Preserving Scotty’s Castle

Posted on November 18, 2019

Scotty’s Castle is a well-known Death Valley oddity. The beautiful Mission-Revival styled buildings, formerly known as “Death Valley Ranch,” rise from the desert like a mirage. Since the 1970s, when the National Park Service purchased the site, visitors have flocked to this castle in the middle of nowhere.

It’s also a GeoDesign project site! To learn more about how we’re helping to preserve Scotty’s Castle, read on.


First, some history: The titular “Scotty” was a friend of the actual owner of Scotty’s Castle, the wealthy and influential Albert Johnson. He eventually pegged Walter Scott for the con man he was (Scotty reportedly swindled him out of thousands of dollars), but the two of them struck up an unlikely friendship. When the opulent castle compound was under construction, Scotty loved to tell people he was the owner, which seemed to amuse Johnson. In the end, despite the fact that it isn’t a castle and never belonged to Scotty, the name “Scotty’s Castle” stuck. Built in the 1920s, the site includes: the hacienda, an annex, a guest house, stables, and a clock tower, in addition to the never-completed swimming pool.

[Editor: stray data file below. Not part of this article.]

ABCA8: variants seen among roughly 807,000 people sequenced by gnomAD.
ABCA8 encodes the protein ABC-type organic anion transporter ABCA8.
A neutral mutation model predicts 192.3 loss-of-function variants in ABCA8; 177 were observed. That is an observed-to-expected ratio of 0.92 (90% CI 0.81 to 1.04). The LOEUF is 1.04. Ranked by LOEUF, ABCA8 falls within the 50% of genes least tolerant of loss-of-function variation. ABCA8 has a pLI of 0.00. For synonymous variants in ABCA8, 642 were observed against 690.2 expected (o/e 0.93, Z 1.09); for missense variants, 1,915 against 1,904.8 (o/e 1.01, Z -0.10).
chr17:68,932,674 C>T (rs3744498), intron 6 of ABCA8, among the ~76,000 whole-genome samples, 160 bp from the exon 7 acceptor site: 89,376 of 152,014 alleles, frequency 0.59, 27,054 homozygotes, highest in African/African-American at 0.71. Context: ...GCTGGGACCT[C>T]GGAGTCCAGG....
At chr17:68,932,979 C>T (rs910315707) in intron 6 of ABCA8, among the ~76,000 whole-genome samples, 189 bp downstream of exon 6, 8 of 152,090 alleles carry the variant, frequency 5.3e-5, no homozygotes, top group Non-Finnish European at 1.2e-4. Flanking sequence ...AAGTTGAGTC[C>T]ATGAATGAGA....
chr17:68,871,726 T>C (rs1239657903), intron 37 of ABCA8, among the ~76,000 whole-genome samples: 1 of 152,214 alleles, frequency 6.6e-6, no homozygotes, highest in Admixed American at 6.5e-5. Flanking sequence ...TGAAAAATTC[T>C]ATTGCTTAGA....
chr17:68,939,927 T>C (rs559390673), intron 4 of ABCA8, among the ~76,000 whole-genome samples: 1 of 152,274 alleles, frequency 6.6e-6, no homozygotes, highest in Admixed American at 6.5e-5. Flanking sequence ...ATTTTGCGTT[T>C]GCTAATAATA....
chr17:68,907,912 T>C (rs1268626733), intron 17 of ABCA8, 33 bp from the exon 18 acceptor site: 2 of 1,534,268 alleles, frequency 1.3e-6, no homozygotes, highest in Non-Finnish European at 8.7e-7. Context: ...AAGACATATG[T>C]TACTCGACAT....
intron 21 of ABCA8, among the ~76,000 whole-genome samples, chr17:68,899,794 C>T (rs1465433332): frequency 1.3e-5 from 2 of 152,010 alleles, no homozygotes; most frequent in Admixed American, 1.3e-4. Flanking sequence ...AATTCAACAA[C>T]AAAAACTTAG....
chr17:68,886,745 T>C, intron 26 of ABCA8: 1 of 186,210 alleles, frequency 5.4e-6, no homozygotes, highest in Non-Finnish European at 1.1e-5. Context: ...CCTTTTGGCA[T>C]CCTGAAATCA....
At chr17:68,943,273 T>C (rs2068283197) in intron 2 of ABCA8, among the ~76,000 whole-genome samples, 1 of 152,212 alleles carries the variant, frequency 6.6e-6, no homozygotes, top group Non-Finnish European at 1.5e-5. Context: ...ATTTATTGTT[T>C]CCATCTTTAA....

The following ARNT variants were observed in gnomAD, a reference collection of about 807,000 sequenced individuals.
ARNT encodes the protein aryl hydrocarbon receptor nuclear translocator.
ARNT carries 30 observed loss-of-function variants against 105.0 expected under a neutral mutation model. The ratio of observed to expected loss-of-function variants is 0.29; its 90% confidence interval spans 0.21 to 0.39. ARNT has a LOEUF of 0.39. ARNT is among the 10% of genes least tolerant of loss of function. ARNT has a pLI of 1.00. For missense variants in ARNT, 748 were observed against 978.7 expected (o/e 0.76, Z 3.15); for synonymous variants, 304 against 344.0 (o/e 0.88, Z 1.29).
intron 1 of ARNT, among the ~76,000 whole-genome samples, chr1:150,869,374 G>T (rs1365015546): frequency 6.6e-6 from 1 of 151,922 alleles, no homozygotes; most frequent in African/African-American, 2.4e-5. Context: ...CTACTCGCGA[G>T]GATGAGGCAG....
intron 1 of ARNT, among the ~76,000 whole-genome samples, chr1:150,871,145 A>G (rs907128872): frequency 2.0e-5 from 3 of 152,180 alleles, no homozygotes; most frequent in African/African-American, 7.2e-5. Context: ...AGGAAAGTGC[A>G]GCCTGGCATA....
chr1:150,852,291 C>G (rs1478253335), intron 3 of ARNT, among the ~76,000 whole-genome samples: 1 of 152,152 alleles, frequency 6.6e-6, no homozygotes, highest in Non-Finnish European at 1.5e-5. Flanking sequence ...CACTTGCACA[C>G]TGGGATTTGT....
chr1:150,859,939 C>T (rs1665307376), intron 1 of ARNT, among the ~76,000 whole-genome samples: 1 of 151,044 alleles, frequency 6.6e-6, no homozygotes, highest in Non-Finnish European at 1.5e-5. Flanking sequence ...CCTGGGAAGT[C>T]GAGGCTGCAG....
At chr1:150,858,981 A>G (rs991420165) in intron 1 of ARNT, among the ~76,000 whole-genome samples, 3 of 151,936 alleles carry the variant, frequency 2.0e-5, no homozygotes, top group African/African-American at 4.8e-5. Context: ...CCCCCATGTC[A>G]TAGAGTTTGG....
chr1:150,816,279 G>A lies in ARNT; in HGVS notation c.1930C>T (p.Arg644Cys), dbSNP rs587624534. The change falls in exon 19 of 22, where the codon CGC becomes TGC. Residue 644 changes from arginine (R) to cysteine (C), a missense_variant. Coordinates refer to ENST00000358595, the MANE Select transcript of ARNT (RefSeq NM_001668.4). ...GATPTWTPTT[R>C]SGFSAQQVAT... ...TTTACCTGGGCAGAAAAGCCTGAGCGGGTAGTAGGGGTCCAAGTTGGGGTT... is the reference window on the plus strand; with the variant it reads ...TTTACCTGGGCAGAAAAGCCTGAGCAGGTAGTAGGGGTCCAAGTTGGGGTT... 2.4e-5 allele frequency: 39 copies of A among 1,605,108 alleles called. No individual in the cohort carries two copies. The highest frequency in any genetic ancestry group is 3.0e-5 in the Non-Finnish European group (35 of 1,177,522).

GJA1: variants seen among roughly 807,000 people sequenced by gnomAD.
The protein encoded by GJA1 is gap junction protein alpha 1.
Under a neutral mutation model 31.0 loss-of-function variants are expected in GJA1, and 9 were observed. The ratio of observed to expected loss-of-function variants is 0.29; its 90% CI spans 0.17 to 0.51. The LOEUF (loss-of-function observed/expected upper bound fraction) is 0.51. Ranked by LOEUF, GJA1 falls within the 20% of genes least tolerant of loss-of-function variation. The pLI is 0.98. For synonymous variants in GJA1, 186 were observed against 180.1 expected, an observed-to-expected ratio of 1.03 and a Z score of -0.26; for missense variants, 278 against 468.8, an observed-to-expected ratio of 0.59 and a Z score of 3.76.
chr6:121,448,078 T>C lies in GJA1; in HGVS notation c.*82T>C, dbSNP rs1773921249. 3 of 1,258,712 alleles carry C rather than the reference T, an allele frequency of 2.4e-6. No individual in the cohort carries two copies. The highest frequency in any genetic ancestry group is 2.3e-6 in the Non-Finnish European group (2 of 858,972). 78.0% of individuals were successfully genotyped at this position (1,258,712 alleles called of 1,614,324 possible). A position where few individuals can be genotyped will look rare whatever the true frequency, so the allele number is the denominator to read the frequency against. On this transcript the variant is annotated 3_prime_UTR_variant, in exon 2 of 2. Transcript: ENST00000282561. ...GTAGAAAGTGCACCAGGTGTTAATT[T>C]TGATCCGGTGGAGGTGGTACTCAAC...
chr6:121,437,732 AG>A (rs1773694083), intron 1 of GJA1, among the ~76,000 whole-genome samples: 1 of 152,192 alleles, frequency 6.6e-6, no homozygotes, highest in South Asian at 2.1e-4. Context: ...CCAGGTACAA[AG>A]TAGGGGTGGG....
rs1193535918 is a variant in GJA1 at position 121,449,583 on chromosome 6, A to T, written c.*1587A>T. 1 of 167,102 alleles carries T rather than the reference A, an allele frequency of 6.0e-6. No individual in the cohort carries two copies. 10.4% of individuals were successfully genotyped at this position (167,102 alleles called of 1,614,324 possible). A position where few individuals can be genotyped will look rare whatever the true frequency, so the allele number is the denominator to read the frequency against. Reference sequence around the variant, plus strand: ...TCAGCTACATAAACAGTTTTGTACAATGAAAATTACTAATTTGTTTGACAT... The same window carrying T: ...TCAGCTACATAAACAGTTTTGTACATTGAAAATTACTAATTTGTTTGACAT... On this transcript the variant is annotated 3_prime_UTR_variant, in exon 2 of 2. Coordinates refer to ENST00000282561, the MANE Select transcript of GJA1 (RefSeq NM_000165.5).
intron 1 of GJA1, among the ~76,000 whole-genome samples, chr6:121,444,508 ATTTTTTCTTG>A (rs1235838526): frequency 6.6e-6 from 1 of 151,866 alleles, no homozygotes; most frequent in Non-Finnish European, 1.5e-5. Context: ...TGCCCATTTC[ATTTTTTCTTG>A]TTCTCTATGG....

The flood

Death Valley usually receives 3.5 inches of rain annually. On October 18, 2015, it received 2.7 inches of rain in five hours. Flash floods roared into the area around Scotty’s Castle, destroying parts of roads and heavily damaging some of the site’s structures.

The recovery

The restoration effort at Scotty’s Castle and the surrounding areas has been ongoing for several years.

We’re excited to play a part in the recovery of this historically important site. We provided geotechnical support for the construction of new protective structures, to ensure that future flood events do not damage the historic structures of Scotty’s Castle. Specifically, we evaluated subsurface conditions at the site and provided recommendations for the design of flood control structures.

The National Park Service hopes to reopen the area to the public sometime in 2020.

Note: GeoDesign’s AJ Atry was at the site and provided us with the pictures you see in this post. Check out our gallery below for more.

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